Some of the new, cool, hip sites out there have done something rather neat with their login system. If you take a look at Technorati, notice that when you click the Sign In link, a modal window pops up. This lets you login no matter where you in the site. No need to go to another page (thank goodness, since Technorati is slow) and be sent back (hopefully) when done. Can ColdFusion 8 do this? Of course! Let's look at an example.

First off - imagine we have an existing site. One that uses a custom tag for layout (details may be found here). All of our pages use the custom tag. For example:


<p> Welcome to our Web 2.0 site. </p>


(As just a quick warning, I'll be sharing the complete code for all of this at the end of the blog entry, and via a download link.) Our layout custom tag creates a simple navigation table on top:

<a href="index.cfm">Home</a> / <a href="about.cfm">About Us</a> / <a href="buy.cfm">Buy Us</a>

The first thing I want to do is add a Login link to the menu:

/ <a href="javaScript:doLogin()">Login</a>

The link above runs the JavaScript function, doLogin, so let's go there next.

function doLogin() { ColdFusion.Window.create('loginwindow','Login','login.cfm',{center:true,modal:true}); }

This function simply uses the ColdFusion/Ajax API to create a window. I named it loginwindow, gave it a title, pointed it to a login.cfm page, and passed a few attributes. I could have styled it as well, made it a specific size, etc. But you get the idea. Now let's look at login.cfm:

<form action="login.cfm" onSubmit="handleLogin();return false;" id="loginform"> <table> <tr> <td>Username:</td> <td><input type="text" name="username"></td> </tr> <tr> <td>Password:</td> <td><input type="password" name="password"></td> </tr> <tr> <td> </td> <td><input type="submit" name="login" value="Login"></td> </tr> </table> </form>

This is a fairly simple form - but note that I specifically block the form submission. I call yet another JavaScript function, handleLogin. So let's take a look at that:

function handleLogin() { ColdFusion.Ajax.submitForm('loginform','processlogin.cfm',handleResponse); }

Once again we have a use of the ColdFusion/Ajax API. The submitForm function will do exactly as it sounds - send an entire form block to a page. My last argument, handleResponse, is the function that will be called with the result. Let's look at processlogin.cfm first:

<cfsetting enablecfoutputonly="true"> <cfparam name="form.username" default=""> <cfparam name="form.password" default="">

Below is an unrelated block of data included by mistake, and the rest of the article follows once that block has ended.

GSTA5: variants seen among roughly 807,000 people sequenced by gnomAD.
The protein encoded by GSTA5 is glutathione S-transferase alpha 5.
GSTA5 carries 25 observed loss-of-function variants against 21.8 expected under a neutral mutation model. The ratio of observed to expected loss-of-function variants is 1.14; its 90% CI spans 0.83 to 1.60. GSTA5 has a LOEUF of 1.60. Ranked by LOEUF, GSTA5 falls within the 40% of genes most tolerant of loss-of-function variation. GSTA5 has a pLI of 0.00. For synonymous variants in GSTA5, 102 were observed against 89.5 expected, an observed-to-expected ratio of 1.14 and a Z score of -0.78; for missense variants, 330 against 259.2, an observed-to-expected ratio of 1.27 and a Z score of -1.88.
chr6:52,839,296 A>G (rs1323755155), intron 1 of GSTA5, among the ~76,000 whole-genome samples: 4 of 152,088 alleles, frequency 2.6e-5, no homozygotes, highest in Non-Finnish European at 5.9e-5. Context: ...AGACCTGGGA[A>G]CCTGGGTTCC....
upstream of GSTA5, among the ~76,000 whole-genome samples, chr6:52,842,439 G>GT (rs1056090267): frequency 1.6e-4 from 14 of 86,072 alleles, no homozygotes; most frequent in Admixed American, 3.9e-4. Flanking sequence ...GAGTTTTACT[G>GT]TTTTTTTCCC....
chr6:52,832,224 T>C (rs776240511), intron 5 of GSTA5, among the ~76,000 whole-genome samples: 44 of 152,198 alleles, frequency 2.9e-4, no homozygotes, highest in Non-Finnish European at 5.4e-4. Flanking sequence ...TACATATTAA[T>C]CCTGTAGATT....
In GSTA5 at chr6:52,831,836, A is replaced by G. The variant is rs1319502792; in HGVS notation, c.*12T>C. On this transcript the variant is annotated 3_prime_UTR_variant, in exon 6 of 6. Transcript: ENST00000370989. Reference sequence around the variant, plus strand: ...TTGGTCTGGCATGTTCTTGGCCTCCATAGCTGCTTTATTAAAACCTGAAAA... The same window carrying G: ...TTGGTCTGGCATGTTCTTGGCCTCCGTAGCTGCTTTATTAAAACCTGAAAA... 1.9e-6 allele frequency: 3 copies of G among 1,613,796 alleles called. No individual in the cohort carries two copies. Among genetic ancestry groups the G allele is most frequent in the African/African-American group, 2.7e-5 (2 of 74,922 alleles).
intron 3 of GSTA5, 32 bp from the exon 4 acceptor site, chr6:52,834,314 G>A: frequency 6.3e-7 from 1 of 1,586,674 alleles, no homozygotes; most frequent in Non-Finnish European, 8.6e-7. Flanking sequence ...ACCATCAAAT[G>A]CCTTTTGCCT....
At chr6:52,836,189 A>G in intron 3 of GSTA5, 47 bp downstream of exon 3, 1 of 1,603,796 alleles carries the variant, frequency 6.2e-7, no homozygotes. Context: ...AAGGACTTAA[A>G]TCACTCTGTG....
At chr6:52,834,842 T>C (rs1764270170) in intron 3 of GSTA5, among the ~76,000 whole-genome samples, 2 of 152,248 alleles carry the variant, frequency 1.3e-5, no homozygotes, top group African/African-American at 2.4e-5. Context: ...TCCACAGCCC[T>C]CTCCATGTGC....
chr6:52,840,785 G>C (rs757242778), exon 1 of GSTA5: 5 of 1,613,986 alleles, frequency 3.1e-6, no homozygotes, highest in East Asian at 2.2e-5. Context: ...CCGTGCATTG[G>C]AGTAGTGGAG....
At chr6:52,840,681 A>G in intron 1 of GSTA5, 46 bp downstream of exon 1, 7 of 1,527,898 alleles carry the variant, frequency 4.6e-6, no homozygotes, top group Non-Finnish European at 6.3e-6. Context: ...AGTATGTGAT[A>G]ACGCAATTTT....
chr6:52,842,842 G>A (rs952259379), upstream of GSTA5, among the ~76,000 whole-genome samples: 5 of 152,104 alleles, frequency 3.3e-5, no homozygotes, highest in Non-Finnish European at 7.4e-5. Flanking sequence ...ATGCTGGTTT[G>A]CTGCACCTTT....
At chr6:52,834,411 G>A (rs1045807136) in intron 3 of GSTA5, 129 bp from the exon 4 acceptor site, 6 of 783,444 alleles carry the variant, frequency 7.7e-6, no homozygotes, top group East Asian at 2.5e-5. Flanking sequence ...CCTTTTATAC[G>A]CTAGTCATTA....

<cfif structKeyExists(form, "login")> <cfif form.username is "paris" and form.password is "hilton"> <cfset session.loggedin = true> <cfoutput>good</cfoutput> <cfelse> <cfoutput>bad</cfoutput> </cfif> </cfif>

Nothing too complex here. Normally you would call a CFC to handle the authentication. I've never used a hard coded username and password in production. Really. Now notice that I output two strings: good and bad. Remember how I submitForm named a function to run with the result? Let's look at that now:

function handleResponse(s) { if(s == "good") { //first hide the window ColdFusion.Window.hide('loginwindow'); //rewrite out login var loginspan = document.getElementById('loginstatus'); var newcontent = "<a href='index.cfm?logout=1'>Logout</a>"; loginspan.innerHTML = newcontent; } else { alert('Your login didn\'t work. Try paris/hilton'); } }

The function was passed the response, so all I need to do is check the value. If it is good, I hide the window (again, using the ColdFusion/Ajax API. Now I do something fancy. It wouldn't make sense to keep the login link on the page. I wrapped my login link in a span:

<span id="loginstatus"><a href="javaScript:doLogin()">Login</a></span>

This lets me get the span and change the HTML inside. Pretty simple, right?

To see an online demo of this, go here:

Obviously someone could do this a lot prettier then I did - but notice how nice it works. You can login from any page, and when done, you are still on the page you were looking at. (I do something like this for the contact form at Also note how little JavaScript was involved. The most complex bit was handling the result of the login, and even that was just about 10 lines of code.

Enjoy. I've attached the code to this blog entry.

Download attached file.